Specifically, I asked on all four blogs (variations of the below, this was the comment I posted at SDA):

"Can anyone suggest to me any reason that polygamous marriage, adult-child marriage, and man-dog marriage should remain illegal in Canada? ... any reason, that is, that was not used and declared invalid by the Supreme Court and the government in the arguments against same sex marriage?"

Some of the responses I got were:
(1) homosexuality and pedophilia/bestiality/polygamy are not the same thing
(2) that's silly! it would never happen
(3) such a suggestion is bigoted
(4) marriage is a right

Now, I was posting my question as a hypothetical, since I did not think that bill C-38 had been thought through well at all. I honestly wanted to know what could legally prevent bestiality, pedophilia, and polygamy.

The only response I got that met the criteria I had set (not already considered and discarded by the Government of Canada and the Supreme Court of Canada in the fight against same-sex marriage) was from J. Bielecki, commenting at AGWN, that pedophilia and bestiality would remain illegal based upon "legal consent" arguments. J. Bielecki further stirred the pot, however, by bringing the question of incestuous marriages into the fray.

Well, I'm going to take on the other arguments listed above first. "They are not the same thing" is an invalid argument, as proponents of traditional marriage (correctly) used that to argue against the inclusion of same-sex relationships in the definition of marriage. This has obviously been declared invalid, since we know that C-38 has passed.

The "that's silly" argument is also invalid. Silly laws get passed all the time. C-38 is an example.

The cries of "bigot!" are unfounded. I asked what remained to prevent these other relationship forms from being included in the definition of marriage. If anything, I was pointing out that the restrictions had all been lifted. After all, if we can change the law from "two people of opposite gender" to just "two people", then we can surely change the word "two"... any word at all in fact.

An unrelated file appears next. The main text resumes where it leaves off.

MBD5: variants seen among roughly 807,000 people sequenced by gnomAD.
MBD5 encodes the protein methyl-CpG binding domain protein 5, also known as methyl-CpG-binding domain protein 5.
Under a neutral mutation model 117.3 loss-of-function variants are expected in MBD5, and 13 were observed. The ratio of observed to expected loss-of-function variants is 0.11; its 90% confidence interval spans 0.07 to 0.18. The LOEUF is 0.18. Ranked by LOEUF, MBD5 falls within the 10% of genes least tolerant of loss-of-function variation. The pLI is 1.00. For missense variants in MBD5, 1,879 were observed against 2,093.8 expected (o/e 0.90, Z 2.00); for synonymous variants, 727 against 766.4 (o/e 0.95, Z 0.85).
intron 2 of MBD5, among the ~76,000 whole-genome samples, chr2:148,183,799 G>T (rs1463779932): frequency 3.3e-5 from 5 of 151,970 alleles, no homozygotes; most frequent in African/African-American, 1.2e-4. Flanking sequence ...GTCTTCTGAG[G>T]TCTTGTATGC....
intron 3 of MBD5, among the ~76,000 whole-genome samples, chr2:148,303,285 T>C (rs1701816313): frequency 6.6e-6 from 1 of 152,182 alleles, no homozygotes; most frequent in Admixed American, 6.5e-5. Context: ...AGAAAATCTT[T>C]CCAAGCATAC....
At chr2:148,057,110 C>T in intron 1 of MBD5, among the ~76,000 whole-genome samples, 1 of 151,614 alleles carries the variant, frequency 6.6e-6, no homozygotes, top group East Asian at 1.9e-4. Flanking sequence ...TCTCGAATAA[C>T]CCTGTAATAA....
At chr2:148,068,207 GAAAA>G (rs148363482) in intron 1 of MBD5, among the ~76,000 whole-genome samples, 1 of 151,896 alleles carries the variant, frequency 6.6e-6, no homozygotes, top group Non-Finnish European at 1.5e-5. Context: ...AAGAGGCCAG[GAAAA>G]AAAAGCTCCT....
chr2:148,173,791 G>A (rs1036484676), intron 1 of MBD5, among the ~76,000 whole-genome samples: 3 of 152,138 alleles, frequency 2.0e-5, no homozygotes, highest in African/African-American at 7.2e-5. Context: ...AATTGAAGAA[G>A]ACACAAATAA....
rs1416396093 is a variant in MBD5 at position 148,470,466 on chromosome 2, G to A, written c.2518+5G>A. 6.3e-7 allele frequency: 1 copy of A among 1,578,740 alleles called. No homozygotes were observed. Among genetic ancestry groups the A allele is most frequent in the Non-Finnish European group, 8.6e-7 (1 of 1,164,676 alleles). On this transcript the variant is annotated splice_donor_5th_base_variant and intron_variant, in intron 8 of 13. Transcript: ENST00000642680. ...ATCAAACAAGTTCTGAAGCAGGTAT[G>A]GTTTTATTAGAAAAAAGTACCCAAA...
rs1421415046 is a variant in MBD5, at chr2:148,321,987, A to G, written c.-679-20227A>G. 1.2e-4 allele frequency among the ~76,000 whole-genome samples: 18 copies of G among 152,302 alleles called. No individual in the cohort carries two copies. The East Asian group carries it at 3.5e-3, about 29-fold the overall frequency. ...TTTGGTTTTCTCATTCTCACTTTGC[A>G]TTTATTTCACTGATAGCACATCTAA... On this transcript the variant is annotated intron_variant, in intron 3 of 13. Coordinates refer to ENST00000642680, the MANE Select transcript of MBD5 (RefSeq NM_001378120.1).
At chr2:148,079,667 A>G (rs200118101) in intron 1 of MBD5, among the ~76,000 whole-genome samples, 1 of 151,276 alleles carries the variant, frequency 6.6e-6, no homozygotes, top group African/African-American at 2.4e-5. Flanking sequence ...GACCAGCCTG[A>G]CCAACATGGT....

The idea that marriage is a right is false. If marriage is a right, then governments cannot grant divorces, and the divorce laws must be repealed. Fact is, only individuals have rights, not any group of two or more people. If one could marry oneself, then marriage would be a right.

And now, we find that even J. Bielecki's good argument is going to be smashed as well. In the wake of the passage of C-38, we find that animal marriages are on the horizon. (hat tip to Aizlynne at Exposed Agenda)

So, to my (*ahem* select few) readers, I pose this challenge: come up with an argument against polygamist, pedophiliac, bestial, or incestuous marriages that would stand up in the Supreme Court of Canada. By that I mean, any argument that has not already been considered and ruled irrelevant in the battle against same-sex marriage.

Honestly, I don't think that any argument against these things, no matter how common-sense or grounded in law they are, will stand. I think that Canada has passed a point of no return on the slippery slope, and that any form of depravity of which one can conceive will inevitably be protected by the force of law.